Anne arrives back from lunch five minutes early. You compliment her on making a special effort to be on time. Your verbal praise is Anne’s reward for her positive behavior, and it will likely encourage her to come on time again.

Making Rewards Work

Before a reward is a reward, children must want it. Although this seems basic, it is surprising how often we don’t stop to find out what children want. We assume they must like what any other child would like: a model plane, a bag of chocolate coins, a trip to the park–and scratch our heads when we don’t get the results we anticipated.

Ask them what they want!

The easiest way to find out what children want, what they will work for, is to ask them. They will give you more suggestions than you’ll ever need, and will probably surprise you at what they come up with. Be flexible in your choice of rewards, because children’s tastes change and they get tired of the same old prizes.

Whatever reward you and a child decide on, it should be paired with some type of social reinforcement: a “thank you,” pat on the shoulder, wink of the eye. The intention is eventually for you to phase out the reward, as your social reinforcement becomes a stronger motivator for the child. Finally, your social reinforcement is replaced by the child’s intrinsic feelings of satisfaction and worth.

Let’s say you have three children in your class on behavior modification programs, and each one could earn a reward every 15 minutes. That means you could be handing out one prize every five minutes or three prizes every 15 minutes–in addition to teaching 25 other children. Unless you have four arms or an assistant, forget it! One way of managing the prize overload is by handing out tokens, which children can trade in at the end of the day. You could set up a classroom store where children can buy items with their tokens.

Setting up Reward Schedules

How often you reward children depends on two factors: how long they can wait, and what type of behavior you are trying to change. If you’re trying to change a behavior which happens all the time, like a hyperactive child getting out of his seat, you might want to reinforce him after so many minutes of staying in his seat, rather than every time he stops himself from getting out of his seat. On the other hand, if it’s a behavior that does not happen often, lying for example, it is better to have a longer time interval or reinforce the child every time he tells the truth.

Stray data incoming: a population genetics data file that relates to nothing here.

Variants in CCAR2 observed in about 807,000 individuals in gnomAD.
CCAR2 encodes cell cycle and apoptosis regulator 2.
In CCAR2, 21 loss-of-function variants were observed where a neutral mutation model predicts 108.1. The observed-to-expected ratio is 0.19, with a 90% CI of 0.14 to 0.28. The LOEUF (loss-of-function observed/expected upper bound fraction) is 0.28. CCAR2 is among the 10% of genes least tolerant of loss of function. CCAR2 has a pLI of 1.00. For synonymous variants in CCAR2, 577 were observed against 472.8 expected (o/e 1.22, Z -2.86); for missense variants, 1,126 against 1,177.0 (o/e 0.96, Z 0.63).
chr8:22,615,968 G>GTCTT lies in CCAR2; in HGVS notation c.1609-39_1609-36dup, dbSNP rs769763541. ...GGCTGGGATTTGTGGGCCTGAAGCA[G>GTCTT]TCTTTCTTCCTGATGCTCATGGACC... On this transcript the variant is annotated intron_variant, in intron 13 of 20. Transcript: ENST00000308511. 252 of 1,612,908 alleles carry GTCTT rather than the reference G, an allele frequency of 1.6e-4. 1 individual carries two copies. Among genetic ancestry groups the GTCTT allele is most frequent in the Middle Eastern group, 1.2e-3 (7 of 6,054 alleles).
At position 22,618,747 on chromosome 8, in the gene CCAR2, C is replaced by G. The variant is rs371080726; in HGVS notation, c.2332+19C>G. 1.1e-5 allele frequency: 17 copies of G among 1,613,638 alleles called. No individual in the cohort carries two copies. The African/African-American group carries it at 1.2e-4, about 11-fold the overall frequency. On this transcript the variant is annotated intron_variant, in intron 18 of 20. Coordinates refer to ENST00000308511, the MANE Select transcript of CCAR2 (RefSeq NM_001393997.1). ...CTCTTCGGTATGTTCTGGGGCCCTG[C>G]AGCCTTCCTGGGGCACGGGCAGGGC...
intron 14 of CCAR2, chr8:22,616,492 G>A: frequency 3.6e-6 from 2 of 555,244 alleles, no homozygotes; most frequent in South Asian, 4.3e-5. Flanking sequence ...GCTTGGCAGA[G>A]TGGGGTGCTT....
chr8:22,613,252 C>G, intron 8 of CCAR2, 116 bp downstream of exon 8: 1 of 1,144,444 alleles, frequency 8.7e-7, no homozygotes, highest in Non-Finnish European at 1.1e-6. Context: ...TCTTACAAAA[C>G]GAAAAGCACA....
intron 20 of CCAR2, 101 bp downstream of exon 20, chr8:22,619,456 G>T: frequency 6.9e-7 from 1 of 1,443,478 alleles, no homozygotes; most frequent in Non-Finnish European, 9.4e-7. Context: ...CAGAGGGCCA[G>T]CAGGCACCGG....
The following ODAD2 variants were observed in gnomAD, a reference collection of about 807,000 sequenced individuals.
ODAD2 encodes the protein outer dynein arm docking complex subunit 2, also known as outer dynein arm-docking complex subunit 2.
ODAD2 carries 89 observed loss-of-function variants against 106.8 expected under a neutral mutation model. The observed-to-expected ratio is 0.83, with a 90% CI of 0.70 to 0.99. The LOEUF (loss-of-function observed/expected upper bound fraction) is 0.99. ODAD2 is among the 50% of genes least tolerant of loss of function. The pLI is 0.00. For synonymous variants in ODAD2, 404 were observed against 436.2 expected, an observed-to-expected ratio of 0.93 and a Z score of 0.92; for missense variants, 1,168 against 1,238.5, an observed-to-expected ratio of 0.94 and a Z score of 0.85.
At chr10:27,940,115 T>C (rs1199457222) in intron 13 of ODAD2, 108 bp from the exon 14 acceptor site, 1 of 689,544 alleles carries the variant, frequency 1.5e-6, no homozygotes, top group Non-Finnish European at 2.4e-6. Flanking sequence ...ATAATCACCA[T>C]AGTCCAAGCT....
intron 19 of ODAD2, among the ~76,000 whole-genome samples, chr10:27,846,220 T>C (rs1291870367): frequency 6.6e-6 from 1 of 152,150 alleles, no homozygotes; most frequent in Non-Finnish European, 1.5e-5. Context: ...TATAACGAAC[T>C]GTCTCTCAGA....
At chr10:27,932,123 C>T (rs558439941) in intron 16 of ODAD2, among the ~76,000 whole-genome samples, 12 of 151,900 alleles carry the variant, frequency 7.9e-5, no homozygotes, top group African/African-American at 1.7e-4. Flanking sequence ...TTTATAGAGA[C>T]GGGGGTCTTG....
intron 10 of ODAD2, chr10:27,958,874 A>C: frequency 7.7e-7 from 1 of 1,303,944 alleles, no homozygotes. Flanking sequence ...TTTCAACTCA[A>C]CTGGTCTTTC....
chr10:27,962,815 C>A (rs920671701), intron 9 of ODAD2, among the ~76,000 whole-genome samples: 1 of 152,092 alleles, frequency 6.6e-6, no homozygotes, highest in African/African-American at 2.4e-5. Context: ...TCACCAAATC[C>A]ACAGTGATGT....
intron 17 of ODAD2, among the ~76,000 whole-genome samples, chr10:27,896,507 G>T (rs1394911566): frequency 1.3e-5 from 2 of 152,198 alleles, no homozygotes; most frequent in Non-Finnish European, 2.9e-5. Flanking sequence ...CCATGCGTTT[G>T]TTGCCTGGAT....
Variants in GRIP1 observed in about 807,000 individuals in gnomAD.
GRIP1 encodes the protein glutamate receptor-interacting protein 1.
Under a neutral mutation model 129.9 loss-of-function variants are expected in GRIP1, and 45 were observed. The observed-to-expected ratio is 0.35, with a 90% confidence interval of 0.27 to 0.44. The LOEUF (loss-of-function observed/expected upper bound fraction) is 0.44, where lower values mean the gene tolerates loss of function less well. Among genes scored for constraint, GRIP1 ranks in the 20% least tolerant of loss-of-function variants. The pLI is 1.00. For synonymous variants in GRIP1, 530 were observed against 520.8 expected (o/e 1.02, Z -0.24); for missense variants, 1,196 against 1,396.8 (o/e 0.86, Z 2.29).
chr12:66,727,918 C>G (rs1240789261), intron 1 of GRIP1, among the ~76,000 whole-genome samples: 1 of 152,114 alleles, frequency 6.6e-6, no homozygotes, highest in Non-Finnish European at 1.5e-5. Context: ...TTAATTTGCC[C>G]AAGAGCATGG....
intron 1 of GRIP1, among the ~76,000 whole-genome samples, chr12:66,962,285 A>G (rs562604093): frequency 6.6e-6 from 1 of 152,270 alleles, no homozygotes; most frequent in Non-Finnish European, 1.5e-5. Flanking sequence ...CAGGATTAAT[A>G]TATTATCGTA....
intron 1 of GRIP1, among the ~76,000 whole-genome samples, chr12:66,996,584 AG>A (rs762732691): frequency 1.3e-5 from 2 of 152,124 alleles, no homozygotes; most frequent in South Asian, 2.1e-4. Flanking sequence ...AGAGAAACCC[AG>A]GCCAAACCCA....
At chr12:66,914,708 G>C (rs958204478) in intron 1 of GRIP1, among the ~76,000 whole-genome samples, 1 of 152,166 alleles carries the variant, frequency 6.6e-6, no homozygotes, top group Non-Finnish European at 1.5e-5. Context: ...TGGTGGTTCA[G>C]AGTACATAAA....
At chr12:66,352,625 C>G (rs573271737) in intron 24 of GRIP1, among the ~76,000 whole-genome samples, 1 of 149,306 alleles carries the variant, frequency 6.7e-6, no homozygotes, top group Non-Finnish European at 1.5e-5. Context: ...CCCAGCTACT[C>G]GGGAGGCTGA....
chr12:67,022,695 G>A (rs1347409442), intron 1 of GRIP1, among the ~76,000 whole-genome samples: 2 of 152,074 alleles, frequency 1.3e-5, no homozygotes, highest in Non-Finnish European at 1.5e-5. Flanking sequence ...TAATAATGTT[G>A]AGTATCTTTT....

The interval you choose will also vary in relation to how patient a child is. Most hyperactive children need frequent reinforcement. This could mean every five, or even two minutes. Another, more patient child may be able to hold off for a day, week, or even month before receiving a reward. The goal is to start with an interval you know the child can wait, and you can follow through on, and gradually extend it. This process of gradual approximation towards a desired behavior is called shaping.

Give Immediate Rewards

If you decide to give reinforcers following a child’s behavior, you must do it immediately after he does what you want him to do. He must connect his behavior to your reward. This increases the chances of him doing it again. Waiting until school is out to tell Randy you liked the way he controlled his temper after striking out at baseball, loses its punch considerably. It’s the difference between telling your best friend right away or five days later, you won the lottery.

Set Realistic Goals

With many problem children you have to think in terms of small improvements rather than big achievements. If you expect too much from them, they’ll never earn your rewards, become frustrated, and lose interest in your program. You cannot, in one day, stop a hyperactive child from blurting out answers in class. In fact, chances are he’ll always be a blurter, even though you may noticeably reduce his blurting behavior. Find out what your children are capable of doing, and let that performance level determine your program goals. Make sure when you start out, children experience success. This means setting their first goals well within their ability levels.

One Behavior at a Time

When children have a number of problem behaviors, it is hard to know where to start. Try to resist the temptation of working on too many behaviors at the same time. It confuses and frustrates children, as well as saddling you with more work then you can deal with effectively. Pick the child’s worst behavior and focus on that first. Once it is under control, and you’ve started phasing out reinforcers, then go on to another behavior.